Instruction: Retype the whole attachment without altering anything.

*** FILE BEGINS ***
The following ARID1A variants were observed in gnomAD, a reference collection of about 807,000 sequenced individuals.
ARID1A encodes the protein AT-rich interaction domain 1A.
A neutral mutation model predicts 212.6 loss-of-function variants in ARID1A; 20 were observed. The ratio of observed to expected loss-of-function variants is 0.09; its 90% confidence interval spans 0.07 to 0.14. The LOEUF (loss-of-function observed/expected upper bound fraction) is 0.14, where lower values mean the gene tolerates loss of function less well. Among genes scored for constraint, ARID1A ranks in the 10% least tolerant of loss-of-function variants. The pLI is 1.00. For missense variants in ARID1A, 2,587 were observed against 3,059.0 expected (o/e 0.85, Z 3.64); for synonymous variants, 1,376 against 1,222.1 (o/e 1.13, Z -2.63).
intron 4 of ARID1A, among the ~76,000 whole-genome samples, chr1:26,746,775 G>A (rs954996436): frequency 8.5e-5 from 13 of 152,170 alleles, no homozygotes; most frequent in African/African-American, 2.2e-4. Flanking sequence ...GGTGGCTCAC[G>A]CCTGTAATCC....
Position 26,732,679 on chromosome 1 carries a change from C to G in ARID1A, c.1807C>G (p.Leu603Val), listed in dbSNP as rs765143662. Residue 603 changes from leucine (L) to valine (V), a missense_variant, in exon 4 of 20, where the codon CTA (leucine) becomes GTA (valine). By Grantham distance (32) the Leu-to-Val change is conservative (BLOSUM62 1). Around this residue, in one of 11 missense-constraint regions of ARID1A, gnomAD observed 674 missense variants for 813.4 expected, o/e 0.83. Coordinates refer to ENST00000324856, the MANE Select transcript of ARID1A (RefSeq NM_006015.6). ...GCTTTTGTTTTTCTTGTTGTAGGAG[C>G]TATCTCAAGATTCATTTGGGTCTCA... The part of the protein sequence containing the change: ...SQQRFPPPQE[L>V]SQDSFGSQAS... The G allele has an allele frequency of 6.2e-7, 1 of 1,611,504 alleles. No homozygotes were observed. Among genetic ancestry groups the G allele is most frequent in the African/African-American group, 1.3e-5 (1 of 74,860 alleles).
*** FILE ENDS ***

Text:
The following ARID1A variants were observed in gnomAD, a reference collection of about 807,000 sequenced individuals.
ARID1A encodes the protein AT-rich interaction domain 1A.
A neutral mutation model predicts 212.6 loss-of-function variants in ARID1A; 20 were observed. The ratio of observed to expected loss-of-function variants is 0.09; its 90% confidence interval spans 0.07 to 0.14. The LOEUF (loss-of-function observed/expected upper bound fraction) is 0.14, where lower values mean the gene tolerates loss of function less well. Among genes scored for constraint, ARID1A ranks in the 10% least tolerant of loss-of-function variants. The pLI is 1.00. For missense variants in ARID1A, 2,587 were observed against 3,059.0 expected (o/e 0.85, Z 3.64); for synonymous variants, 1,376 against 1,222.1 (o/e 1.13, Z -2.63).
intron 4 of ARID1A, among the ~76,000 whole-genome samples, chr1:26,746,775 G>A (rs954996436): frequency 8.5e-5 from 13 of 152,170 alleles, no homozygotes; most frequent in African/African-American, 2.2e-4. Flanking sequence ...GGTGGCTCAC[G>A]CCTGTAATCC....
Position 26,732,679 on chromosome 1 carries a change from C to G in ARID1A, c.1807C>G (p.Leu603Val), listed in dbSNP as rs765143662. Residue 603 changes from leucine (L) to valine (V), a missense_variant, in exon 4 of 20, where the codon CTA (leucine) becomes GTA (valine). By Grantham distance (32) the Leu-to-Val change is conservative (BLOSUM62 1). Around this residue, in one of 11 missense-constraint regions of ARID1A, gnomAD observed 674 missense variants for 813.4 expected, o/e 0.83. Coordinates refer to ENST00000324856, the MANE Select transcript of ARID1A (RefSeq NM_006015.6). ...GCTTTTGTTTTTCTTGTTGTAGGAG[C>G]TATCTCAAGATTCATTTGGGTCTCA... The part of the protein sequence containing the change: ...SQQRFPPPQE[L>V]SQDSFGSQAS... The G allele has an allele frequency of 6.2e-7, 1 of 1,611,504 alleles. No homozygotes were observed. Among genetic ancestry groups the G allele is most frequent in the African/African-American group, 1.3e-5 (1 of 74,860 alleles).